INV-101 Granted FDA Rare Pediatric Disease Designation

INV-101 Granted FDA Rare Pediatric Disease Designation
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Inversago Pharma‘s INV-101 has been granted rare pediatric disease (RPD) designation by the U.S. Food and Drug Administration for the treatment of Prader-Willi syndrome (PWS).

This designation is given to potential medications targeting serious diseases that primarily affect less than 200,000 Americans ages 18 or younger. If the medication is ultimately approved, Inversago would receive a voucher for priority review of any related marketing application, which the company can use itself, or sell or transfer.

“The RPD designation is an important recognition for Inversago, highlighting the potential role of our lead program in the treatment of young patients affected by Prader-Willi syndrome,” François Ravenelle, PhD, CEO and founder of Inversago, said in a press release.

INV-101 works by binding to the cannabinoid-1 (CB1) receptor and causing an opposite reaction to the one seen with activator molecules. This means it is an inverse agonist of the CB1 receptor.

Research published last year has indicated that the CB1 pathway is activated in metabolic disorders. A prior study, from December 2016, showed PWS patients have higher-than-normal levels of a molecule, called 2-arachidonoylglycerol, that activates CB1. Blocking the CB1 pathway in a mouse model of the disease reduced body weight, reversed hyperphagia or excessive eating, and improved obesity-related metabolic parameters, that study showed.

The investigational medication acts peripherally, meaning it targets receptors outside of central nervous system (CNS), comprised of the brain and spinal cord. This is expected to reduce the risk of CNS-related side effects, which have been reported with inhibitors of CB1.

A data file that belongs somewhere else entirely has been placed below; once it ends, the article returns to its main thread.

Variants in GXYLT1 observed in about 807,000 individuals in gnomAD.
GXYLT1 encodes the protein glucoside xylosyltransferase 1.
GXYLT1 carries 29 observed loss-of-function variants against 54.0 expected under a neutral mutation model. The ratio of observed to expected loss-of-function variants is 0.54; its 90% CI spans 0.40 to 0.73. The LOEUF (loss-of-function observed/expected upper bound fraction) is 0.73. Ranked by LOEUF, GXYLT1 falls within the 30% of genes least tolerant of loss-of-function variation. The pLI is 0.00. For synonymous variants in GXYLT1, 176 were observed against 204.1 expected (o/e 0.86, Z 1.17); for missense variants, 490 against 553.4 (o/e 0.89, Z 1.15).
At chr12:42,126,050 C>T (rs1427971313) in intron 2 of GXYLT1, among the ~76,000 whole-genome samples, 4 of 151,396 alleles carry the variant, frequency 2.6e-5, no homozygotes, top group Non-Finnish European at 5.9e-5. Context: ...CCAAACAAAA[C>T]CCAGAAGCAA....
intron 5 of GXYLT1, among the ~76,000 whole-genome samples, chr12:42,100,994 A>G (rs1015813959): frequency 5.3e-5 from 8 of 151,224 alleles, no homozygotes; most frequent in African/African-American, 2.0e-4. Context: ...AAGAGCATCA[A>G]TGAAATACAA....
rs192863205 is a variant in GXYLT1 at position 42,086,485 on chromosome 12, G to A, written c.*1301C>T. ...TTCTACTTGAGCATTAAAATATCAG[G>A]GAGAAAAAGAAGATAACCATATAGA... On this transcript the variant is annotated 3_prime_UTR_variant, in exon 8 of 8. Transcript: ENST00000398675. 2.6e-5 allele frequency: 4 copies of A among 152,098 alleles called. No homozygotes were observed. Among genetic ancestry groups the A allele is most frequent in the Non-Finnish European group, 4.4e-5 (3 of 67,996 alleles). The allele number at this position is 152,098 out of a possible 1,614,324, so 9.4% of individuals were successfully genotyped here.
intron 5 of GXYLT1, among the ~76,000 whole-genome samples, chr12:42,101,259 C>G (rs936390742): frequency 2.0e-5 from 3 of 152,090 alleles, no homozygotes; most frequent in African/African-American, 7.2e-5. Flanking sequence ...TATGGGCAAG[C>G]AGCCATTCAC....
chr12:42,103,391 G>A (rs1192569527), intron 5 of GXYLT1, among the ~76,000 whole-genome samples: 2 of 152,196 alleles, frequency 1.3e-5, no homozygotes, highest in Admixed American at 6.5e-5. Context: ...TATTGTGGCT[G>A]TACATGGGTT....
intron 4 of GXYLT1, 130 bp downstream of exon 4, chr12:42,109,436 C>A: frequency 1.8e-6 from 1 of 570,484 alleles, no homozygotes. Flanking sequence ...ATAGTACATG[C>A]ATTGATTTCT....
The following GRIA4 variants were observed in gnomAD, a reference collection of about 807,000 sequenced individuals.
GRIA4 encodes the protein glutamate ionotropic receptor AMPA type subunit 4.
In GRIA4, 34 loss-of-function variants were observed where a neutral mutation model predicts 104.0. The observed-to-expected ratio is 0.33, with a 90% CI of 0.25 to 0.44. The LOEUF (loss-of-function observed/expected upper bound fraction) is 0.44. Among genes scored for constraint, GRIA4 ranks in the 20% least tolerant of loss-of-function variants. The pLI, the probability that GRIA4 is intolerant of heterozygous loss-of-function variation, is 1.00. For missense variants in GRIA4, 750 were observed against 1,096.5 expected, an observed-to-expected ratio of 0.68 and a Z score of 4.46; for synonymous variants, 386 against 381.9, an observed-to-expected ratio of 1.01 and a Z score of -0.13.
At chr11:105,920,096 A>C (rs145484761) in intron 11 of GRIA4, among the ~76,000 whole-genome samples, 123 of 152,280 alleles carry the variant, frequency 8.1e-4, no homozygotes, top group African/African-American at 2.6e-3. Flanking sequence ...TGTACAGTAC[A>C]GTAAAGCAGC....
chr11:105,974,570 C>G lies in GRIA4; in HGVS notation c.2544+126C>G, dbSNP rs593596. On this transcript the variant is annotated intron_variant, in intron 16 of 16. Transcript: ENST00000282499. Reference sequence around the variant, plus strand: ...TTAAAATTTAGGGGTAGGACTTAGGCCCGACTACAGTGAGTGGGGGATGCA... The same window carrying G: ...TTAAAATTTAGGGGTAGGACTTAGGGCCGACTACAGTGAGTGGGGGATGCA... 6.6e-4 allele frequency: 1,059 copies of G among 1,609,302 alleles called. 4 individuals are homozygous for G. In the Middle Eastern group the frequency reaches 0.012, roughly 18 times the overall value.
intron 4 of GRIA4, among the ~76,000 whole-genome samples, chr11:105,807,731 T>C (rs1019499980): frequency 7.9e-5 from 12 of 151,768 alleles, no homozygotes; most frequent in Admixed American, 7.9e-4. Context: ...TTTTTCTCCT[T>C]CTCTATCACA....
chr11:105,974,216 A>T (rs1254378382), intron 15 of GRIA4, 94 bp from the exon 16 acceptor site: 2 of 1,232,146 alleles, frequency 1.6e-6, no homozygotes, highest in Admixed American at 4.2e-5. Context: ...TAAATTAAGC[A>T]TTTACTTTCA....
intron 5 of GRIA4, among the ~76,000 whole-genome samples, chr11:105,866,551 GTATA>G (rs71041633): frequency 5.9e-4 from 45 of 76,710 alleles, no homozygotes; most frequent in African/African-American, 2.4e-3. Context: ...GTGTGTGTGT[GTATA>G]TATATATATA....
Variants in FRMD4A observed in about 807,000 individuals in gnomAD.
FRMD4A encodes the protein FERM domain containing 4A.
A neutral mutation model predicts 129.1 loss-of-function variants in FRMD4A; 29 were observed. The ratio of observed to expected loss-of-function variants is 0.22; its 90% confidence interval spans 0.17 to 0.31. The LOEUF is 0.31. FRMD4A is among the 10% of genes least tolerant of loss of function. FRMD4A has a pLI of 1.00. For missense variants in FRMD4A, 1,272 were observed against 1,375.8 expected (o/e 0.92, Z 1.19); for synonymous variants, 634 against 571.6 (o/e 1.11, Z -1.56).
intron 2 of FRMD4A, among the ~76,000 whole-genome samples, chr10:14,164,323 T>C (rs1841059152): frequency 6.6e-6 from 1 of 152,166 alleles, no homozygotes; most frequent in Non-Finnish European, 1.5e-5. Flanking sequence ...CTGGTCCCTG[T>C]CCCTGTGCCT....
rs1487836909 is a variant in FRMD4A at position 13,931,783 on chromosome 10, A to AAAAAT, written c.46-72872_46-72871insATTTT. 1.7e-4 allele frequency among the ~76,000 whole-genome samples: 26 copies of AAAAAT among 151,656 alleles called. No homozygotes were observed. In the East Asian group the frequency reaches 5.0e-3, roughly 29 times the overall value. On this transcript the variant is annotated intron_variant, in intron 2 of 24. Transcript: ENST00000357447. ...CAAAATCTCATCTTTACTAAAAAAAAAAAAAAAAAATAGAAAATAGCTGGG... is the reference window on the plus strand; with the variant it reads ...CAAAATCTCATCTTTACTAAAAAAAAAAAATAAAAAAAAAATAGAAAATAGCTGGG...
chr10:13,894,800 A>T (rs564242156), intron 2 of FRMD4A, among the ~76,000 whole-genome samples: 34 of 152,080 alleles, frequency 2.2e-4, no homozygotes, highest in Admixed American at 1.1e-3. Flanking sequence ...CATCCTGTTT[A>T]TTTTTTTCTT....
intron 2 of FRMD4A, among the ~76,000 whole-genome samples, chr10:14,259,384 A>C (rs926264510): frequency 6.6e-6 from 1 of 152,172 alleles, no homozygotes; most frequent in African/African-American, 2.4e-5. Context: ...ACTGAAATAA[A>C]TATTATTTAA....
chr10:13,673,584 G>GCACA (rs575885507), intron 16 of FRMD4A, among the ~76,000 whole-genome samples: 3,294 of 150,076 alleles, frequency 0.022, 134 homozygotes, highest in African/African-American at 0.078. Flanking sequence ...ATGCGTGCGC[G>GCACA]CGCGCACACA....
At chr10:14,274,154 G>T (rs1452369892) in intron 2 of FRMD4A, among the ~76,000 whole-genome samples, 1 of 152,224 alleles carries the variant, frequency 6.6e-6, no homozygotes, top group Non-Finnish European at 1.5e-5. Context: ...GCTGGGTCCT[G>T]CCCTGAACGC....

“PWS patients have an overactivated endocannabinoid system, which leads to excessive weight gain, hyperphagia and neurodevelopmental symptoms,” said Glenn Crater, MD, Inversago’s chief medical officer.

“As such, developing safe, peripherally-acting inverse agonists of CB1 receptors offers the potential to address many of their significant and unmet medical needs,” Crater added.

A Phase 1 clinical trial (NCT04531150) is currently testing the safety and tolerability of INV-101 in healthy volunteers. The study also is assessing the medication’s pharmacokinetics profile — that is, how it moves into, through, and out of the body. Participants currently are being recruited in Montreal; additional information and contacts can be found here.

Inversago recently announced that it had raised $35 million in financing to advance the development of INV-101 and other investigational medications.

Marisa holds an MS in Cellular and Molecular Pathology from the University of Pittsburgh, where she studied novel genetic drivers of ovarian cancer. She specializes in cancer biology, immunology, and genetics. Marisa began working with BioNews in 2018, and has written about science and health for SelfHacked and the Genetics Society of America. She also writes/composes musicals and coaches the University of Pittsburgh fencing club.
Total Posts: 12

José holds a PhD in Neuroscience from Universidade of Porto, in Portugal. He has also studied Biochemistry at Universidade do Porto and was a postdoctoral associate at Weill Cornell Medicine, in New York, and at The University of Western Ontario in London, Ontario, Canada. His work has ranged from the association of central cardiovascular and pain control to the neurobiological basis of hypertension, and the molecular pathways driving Alzheimer’s disease.

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Marisa holds an MS in Cellular and Molecular Pathology from the University of Pittsburgh, where she studied novel genetic drivers of ovarian cancer. She specializes in cancer biology, immunology, and genetics. Marisa began working with BioNews in 2018, and has written about science and health for SelfHacked and the Genetics Society of America. She also writes/composes musicals and coaches the University of Pittsburgh fencing club.
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